Demian Kudryavtsev, the executive director of Kommersant newspaper, a leading publication in Russia on economics and business, has demanded the Ministry of Interior start a case against Kristina Potupchik, the press secretary for Nashi, the pro-Putin youth group. In his blog, Kudryavtsev blames Potupchik for the recent DDoS attacks on Kommersant’s website. Read More »
As if censorship, blocked access, possible arrest, and even retaliation weren’t bad enough, now Internet users in Central Asia apparently have a new scourge to deal with in their fight to have their voices heard: the dreaded Internet troll. Read More »
Unlike in Belarus where the electoral commission members never raise a voice against falsifications, their Russian counterparts are more active. Read More »
A group claiming to be affiliated with Anonymous recently released hacked emails from leaders of the pro-Kremlin youth group Nashi that show the group was paying journalists and bloggers hundreds of thousands of dollars for positive coverage, according to The Guardian. The group reportedly also paid bloggers and Internet trolls to smear or leave negative comments about opposition leaders. Read More »
The Kazakh government has long been known to spend millions abroad to improve its international image, hiring prominent public relations firms like BGR Gabara, Portland Communications, Tony Blair Associates, and Media Consulta. But EurasiaNet reports that some of those companies appear to have gone beyond arranging the typical infomercials on big international channels and similar strategies. The website has uncovered several examples of alleged manipulation on Wikipedia entries related to Kazakhstan officials and government interests. Read More »
The last week a wave of publications about increasing Internet control in Belarus has spread across the Western Internet. It has come back to the Belarusian segment in translations suggesting that “the citizens of the small country will no longer be able to use the foreign websites as they will be fined for that” and the Internet is close to being completely closed off.
Electronic government is a priority set by the government of Moldova for 2011-2014 and aims to ensure government transparency and citizen access to data and public interest service as much as possible. It is a whole new change for institutions in Moldova, which in recent years have started to become less transparent and bureaucratic.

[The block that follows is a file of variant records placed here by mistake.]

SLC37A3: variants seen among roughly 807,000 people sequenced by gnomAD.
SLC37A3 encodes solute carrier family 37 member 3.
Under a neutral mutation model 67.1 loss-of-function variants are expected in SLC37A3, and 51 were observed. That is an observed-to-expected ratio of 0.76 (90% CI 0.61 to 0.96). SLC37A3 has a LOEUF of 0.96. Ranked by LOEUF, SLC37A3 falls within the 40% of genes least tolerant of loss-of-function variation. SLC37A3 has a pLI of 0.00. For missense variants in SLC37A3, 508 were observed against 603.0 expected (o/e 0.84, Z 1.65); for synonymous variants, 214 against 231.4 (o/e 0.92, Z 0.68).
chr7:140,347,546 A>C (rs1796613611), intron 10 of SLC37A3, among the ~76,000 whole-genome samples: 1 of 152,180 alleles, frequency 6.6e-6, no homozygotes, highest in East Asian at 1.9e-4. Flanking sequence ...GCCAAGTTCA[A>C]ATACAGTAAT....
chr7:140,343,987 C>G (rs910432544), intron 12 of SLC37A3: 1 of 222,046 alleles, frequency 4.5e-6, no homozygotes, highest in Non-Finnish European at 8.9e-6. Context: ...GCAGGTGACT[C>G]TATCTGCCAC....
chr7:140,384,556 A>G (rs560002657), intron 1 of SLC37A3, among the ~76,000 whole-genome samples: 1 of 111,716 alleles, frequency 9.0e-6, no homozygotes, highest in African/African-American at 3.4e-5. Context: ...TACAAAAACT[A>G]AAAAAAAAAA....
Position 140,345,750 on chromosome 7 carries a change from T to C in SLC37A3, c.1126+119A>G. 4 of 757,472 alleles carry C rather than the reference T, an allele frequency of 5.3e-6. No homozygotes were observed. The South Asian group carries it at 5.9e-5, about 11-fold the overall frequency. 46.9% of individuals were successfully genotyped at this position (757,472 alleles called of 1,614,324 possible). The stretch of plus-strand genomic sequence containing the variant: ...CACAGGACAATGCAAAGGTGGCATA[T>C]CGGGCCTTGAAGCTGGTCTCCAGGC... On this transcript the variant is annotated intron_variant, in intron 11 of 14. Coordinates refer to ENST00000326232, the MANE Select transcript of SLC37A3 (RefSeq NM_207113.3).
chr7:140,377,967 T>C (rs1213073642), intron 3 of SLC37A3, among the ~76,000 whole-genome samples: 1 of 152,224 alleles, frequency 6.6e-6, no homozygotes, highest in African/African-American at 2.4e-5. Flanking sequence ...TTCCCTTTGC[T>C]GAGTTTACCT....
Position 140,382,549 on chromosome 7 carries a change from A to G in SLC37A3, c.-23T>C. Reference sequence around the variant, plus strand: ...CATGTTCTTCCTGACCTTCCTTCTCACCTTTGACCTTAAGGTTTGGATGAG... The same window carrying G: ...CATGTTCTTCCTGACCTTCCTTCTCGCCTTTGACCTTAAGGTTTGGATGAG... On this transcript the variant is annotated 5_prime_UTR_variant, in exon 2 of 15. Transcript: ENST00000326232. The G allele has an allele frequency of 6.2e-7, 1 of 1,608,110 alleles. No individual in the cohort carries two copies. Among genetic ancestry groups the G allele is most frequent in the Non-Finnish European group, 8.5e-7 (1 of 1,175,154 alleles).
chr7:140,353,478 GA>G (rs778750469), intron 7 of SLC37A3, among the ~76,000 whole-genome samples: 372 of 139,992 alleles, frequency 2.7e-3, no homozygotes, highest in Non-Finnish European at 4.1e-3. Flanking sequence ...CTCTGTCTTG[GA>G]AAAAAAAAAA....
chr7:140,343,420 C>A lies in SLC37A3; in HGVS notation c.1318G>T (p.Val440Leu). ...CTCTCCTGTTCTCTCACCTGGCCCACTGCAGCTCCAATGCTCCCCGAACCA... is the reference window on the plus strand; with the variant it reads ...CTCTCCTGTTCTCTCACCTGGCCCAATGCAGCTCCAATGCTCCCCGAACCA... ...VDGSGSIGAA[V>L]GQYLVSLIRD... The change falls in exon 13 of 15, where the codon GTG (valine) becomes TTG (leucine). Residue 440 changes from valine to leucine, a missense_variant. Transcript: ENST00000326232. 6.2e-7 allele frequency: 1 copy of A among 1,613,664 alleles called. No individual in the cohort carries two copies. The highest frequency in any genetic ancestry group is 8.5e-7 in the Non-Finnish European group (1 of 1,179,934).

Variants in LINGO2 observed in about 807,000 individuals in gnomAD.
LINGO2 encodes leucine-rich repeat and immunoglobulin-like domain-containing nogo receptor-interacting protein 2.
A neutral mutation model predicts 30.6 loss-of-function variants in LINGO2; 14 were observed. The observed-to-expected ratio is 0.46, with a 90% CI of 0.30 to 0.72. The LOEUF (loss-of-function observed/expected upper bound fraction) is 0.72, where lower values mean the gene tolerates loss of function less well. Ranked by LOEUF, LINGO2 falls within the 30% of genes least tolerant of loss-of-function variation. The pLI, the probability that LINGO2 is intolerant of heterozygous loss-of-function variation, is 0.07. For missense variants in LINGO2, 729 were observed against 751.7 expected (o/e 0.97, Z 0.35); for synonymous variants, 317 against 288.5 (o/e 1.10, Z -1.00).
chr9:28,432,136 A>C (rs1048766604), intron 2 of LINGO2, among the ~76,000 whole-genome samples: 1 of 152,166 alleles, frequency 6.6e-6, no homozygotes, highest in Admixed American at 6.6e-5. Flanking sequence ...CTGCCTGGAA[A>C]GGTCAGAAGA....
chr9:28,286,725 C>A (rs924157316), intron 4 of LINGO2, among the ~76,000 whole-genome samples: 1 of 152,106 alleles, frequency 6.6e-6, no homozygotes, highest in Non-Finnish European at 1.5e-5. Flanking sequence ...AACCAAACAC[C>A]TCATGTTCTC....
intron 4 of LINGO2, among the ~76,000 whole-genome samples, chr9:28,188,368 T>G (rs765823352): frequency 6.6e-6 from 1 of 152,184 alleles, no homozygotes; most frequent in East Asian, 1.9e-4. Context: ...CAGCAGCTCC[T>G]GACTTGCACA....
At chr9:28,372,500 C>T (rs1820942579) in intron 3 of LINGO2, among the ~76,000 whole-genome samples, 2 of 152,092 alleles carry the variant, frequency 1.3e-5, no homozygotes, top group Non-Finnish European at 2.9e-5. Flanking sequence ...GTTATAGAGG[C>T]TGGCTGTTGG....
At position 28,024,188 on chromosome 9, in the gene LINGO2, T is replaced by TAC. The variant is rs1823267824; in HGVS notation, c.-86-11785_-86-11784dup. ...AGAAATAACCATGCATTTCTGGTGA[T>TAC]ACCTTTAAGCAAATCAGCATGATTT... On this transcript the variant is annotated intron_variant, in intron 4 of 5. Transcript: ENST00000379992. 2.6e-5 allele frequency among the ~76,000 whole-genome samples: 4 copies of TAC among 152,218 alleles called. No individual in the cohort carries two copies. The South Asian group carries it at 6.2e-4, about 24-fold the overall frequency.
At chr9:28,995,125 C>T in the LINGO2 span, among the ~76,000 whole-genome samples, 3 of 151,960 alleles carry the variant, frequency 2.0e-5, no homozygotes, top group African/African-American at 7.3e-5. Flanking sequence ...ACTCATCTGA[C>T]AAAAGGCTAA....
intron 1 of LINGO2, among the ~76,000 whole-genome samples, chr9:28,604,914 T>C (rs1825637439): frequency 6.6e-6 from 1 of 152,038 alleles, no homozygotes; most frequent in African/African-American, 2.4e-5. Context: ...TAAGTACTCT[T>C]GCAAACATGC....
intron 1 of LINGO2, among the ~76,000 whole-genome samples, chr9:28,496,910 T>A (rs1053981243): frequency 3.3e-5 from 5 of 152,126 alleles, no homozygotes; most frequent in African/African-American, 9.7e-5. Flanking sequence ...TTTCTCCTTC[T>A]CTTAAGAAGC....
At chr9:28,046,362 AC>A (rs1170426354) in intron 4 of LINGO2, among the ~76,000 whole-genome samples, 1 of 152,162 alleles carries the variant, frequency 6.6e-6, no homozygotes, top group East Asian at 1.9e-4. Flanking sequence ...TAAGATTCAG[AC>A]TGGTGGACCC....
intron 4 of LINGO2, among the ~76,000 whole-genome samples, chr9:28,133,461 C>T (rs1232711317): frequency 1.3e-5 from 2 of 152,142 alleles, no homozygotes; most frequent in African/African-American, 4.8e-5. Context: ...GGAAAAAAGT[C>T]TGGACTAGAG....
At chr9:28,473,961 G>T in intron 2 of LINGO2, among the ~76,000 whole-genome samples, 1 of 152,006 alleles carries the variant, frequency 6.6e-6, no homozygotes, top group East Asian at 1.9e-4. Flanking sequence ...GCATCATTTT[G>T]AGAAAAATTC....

A number of Azerbaijani official websites were reportedly hacked and left inaccessible for several hours on 16 January. The sites belong to the Interior Ministry, the Communications Ministry, the Constitutional Court, the ruling New Azerbaijan Party, and other state and public organizations, Apa.Az reports. A group calling itself the AzerianCyberArmy claimed responsibility for some of the attacks. Read More »
Peer pressure and the desire to be part of the “in-crowd” is typically enough to get even the biggest luddite to try social media networks. But apparently, for top officials in Dagestan, peer pressure is just not enough–they need an extra push by the president to get them to set up that Facebook page. Read More »
When it comes to voting for the future rulers of a country, every politician tries to send simple messages so everybody can understand them, but when they are in position to rule, their messages seem to be in Chinese. Information about government activity–including the ministries–is incomprehensible, and you can read it over and over and still be puzzled. Read More »
Internet users helped root out a doctored photo of a prominent Russian political critic that shown just how much the Internet has changed the nature of political shenanigans in the country since the days of Soviet political photo montages. The story appeared recently in the New York Times. Read More »
In Belarus there is something jokingly Belarus called the “Albanian Virus”. This is a virus that asks the user to delete all his sensitive content and spam his friends manually. This joke became been popular in Belarus in the time of virus pandemics during the ’90s. Read More »